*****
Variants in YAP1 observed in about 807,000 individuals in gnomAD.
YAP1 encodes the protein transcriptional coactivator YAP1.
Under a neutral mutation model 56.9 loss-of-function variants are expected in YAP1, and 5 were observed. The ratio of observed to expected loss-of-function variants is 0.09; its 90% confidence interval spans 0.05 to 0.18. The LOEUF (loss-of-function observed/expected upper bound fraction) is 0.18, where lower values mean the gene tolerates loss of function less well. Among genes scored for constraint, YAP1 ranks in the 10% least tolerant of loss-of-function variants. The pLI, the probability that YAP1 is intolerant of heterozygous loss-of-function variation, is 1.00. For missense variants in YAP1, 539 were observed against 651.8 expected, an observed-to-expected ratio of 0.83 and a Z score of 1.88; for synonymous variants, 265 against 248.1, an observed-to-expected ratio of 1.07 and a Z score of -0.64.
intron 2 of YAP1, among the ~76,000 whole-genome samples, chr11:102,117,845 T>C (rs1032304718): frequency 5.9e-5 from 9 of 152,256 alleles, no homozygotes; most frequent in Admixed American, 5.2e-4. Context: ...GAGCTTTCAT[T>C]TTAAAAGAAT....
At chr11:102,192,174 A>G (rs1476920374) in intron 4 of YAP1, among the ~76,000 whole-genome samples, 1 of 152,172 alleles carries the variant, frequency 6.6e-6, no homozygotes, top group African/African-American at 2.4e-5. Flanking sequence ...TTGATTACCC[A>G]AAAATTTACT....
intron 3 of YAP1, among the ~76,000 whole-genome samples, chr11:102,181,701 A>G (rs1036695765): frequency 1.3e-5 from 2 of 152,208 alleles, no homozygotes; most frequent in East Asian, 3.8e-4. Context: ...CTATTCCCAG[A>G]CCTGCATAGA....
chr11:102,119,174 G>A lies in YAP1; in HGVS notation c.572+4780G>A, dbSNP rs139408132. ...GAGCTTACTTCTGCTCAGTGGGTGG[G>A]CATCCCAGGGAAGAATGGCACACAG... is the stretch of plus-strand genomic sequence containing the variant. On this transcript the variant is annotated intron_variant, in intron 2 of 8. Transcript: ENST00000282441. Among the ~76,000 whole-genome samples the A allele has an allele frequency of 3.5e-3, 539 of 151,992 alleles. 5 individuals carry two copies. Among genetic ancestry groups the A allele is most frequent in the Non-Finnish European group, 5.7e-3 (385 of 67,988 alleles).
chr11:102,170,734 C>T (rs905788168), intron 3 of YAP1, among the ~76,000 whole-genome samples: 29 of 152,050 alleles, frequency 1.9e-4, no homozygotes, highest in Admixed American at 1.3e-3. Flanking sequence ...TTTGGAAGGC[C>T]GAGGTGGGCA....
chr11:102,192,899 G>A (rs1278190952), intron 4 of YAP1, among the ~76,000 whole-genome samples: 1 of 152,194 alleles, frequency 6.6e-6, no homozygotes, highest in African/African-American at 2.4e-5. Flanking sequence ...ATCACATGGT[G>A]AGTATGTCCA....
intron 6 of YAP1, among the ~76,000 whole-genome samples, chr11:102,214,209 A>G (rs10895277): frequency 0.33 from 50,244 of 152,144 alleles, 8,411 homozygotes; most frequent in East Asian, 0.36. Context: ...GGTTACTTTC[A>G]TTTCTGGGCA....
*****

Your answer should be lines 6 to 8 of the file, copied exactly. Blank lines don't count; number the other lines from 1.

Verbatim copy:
intron 3 of YAP1, among the ~76,000 whole-genome samples, chr11:102,181,701 A>G (rs1036695765): frequency 1.3e-5 from 2 of 152,208 alleles, no homozygotes; most frequent in East Asian, 3.8e-4. Context: ...CTATTCCCAG[A>G]CCTGCATAGA....
chr11:102,119,174 G>A lies in YAP1; in HGVS notation c.572+4780G>A, dbSNP rs139408132. ...GAGCTTACTTCTGCTCAGTGGGTGG[G>A]CATCCCAGGGAAGAATGGCACACAG... is the stretch of plus-strand genomic sequence containing the variant. On this transcript the variant is annotated intron_variant, in intron 2 of 8. Transcript: ENST00000282441. Among the ~76,000 whole-genome samples the A allele has an allele frequency of 3.5e-3, 539 of 151,992 alleles. 5 individuals carry two copies. Among genetic ancestry groups the A allele is most frequent in the Non-Finnish European group, 5.7e-3 (385 of 67,988 alleles).
chr11:102,170,734 C>T (rs905788168), intron 3 of YAP1, among the ~76,000 whole-genome samples: 29 of 152,050 alleles, frequency 1.9e-4, no homozygotes, highest in Admixed American at 1.3e-3. Flanking sequence ...TTTGGAAGGC[C>T]GAGGTGGGCA....